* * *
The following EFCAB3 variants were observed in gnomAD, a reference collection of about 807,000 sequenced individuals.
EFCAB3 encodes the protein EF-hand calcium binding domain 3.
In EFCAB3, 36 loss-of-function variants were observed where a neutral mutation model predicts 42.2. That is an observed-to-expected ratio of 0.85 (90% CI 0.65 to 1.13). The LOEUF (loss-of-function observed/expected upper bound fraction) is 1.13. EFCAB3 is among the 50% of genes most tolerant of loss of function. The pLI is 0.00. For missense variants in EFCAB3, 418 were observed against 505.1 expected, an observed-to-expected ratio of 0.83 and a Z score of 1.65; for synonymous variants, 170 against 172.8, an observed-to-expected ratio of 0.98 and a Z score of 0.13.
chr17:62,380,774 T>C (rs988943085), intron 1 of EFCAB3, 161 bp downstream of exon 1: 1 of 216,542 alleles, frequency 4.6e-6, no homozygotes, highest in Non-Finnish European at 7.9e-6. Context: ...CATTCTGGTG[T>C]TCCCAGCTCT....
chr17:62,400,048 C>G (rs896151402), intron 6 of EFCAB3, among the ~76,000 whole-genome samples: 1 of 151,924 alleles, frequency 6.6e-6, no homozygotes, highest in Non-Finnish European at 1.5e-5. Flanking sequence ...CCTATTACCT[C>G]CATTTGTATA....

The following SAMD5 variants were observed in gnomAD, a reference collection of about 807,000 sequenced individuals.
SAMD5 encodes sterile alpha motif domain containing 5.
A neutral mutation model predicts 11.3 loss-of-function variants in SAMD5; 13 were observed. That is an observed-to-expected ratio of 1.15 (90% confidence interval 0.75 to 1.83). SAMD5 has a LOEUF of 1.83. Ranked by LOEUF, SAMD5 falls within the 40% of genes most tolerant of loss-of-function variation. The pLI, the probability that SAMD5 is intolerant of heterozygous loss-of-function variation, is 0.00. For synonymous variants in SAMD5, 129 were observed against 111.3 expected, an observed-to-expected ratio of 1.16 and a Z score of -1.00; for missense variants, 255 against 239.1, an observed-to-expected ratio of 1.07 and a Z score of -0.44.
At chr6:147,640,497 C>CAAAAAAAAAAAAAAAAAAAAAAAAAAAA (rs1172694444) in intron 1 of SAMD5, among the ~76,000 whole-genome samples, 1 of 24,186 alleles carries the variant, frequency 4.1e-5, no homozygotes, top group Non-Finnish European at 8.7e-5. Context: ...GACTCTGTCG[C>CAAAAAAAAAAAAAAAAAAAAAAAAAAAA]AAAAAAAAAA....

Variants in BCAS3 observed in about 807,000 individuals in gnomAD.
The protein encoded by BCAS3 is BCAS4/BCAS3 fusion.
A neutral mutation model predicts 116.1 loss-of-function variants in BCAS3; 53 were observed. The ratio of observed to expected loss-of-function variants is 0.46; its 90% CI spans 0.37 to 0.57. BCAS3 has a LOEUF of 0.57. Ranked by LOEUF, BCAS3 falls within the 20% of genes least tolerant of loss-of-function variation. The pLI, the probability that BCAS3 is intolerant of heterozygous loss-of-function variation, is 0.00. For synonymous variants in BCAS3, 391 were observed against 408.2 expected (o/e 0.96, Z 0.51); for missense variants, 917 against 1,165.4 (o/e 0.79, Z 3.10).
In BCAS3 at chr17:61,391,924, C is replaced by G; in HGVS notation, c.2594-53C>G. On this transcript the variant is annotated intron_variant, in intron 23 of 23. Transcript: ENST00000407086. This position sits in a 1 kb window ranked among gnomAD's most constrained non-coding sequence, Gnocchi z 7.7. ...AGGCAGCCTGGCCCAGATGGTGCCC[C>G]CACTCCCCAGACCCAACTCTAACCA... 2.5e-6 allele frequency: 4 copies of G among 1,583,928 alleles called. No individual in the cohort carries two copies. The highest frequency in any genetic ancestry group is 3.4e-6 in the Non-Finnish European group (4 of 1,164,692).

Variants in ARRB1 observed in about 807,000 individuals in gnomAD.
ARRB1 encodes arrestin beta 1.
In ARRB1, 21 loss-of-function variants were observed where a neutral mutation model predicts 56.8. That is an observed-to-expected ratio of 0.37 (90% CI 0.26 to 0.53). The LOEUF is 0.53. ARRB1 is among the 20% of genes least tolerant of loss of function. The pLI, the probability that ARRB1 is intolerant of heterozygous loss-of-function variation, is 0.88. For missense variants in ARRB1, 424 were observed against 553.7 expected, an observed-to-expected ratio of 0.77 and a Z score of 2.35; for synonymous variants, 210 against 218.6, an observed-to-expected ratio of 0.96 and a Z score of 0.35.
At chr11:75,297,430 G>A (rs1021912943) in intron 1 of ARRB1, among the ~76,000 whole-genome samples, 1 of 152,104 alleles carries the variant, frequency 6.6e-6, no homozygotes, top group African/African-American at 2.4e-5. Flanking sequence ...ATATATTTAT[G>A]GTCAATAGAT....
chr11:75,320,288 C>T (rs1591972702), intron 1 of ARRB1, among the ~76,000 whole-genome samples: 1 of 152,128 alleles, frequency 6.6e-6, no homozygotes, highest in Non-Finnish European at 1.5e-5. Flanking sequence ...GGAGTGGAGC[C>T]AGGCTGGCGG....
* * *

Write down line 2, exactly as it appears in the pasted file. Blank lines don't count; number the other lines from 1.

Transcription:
EFCAB3 encodes the protein EF-hand calcium binding domain 3.